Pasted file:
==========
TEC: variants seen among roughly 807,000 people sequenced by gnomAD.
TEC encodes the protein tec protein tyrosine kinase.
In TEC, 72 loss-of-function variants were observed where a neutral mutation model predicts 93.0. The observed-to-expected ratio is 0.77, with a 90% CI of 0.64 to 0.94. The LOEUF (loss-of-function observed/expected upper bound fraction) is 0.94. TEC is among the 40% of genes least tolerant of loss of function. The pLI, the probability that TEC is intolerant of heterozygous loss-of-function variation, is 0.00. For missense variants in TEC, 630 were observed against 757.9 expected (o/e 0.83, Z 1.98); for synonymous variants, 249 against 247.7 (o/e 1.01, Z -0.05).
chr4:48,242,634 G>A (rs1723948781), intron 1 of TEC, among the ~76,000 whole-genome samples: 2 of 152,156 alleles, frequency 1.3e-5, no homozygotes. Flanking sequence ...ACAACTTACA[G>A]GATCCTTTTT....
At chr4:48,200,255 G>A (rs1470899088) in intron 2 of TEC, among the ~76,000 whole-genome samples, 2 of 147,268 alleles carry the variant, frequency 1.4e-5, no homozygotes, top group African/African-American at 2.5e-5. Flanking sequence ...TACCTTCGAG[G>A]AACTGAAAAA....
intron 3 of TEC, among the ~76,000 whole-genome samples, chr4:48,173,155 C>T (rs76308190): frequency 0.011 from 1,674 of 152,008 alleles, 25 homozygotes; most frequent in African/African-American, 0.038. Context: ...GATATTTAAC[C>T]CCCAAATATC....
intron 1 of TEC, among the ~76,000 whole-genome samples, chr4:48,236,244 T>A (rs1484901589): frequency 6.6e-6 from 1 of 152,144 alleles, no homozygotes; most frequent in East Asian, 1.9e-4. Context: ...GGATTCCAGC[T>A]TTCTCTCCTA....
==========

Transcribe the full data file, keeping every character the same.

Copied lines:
TEC: variants seen among roughly 807,000 people sequenced by gnomAD.
TEC encodes the protein tec protein tyrosine kinase.
In TEC, 72 loss-of-function variants were observed where a neutral mutation model predicts 93.0. The observed-to-expected ratio is 0.77, with a 90% CI of 0.64 to 0.94. The LOEUF (loss-of-function observed/expected upper bound fraction) is 0.94. TEC is among the 40% of genes least tolerant of loss of function. The pLI, the probability that TEC is intolerant of heterozygous loss-of-function variation, is 0.00. For missense variants in TEC, 630 were observed against 757.9 expected (o/e 0.83, Z 1.98); for synonymous variants, 249 against 247.7 (o/e 1.01, Z -0.05).
chr4:48,242,634 G>A (rs1723948781), intron 1 of TEC, among the ~76,000 whole-genome samples: 2 of 152,156 alleles, frequency 1.3e-5, no homozygotes. Flanking sequence ...ACAACTTACA[G>A]GATCCTTTTT....
At chr4:48,200,255 G>A (rs1470899088) in intron 2 of TEC, among the ~76,000 whole-genome samples, 2 of 147,268 alleles carry the variant, frequency 1.4e-5, no homozygotes, top group African/African-American at 2.5e-5. Flanking sequence ...TACCTTCGAG[G>A]AACTGAAAAA....
intron 3 of TEC, among the ~76,000 whole-genome samples, chr4:48,173,155 C>T (rs76308190): frequency 0.011 from 1,674 of 152,008 alleles, 25 homozygotes; most frequent in African/African-American, 0.038. Context: ...GATATTTAAC[C>T]CCCAAATATC....
intron 1 of TEC, among the ~76,000 whole-genome samples, chr4:48,236,244 T>A (rs1484901589): frequency 6.6e-6 from 1 of 152,144 alleles, no homozygotes; most frequent in East Asian, 1.9e-4. Context: ...GGATTCCAGC[T>A]TTCTCTCCTA....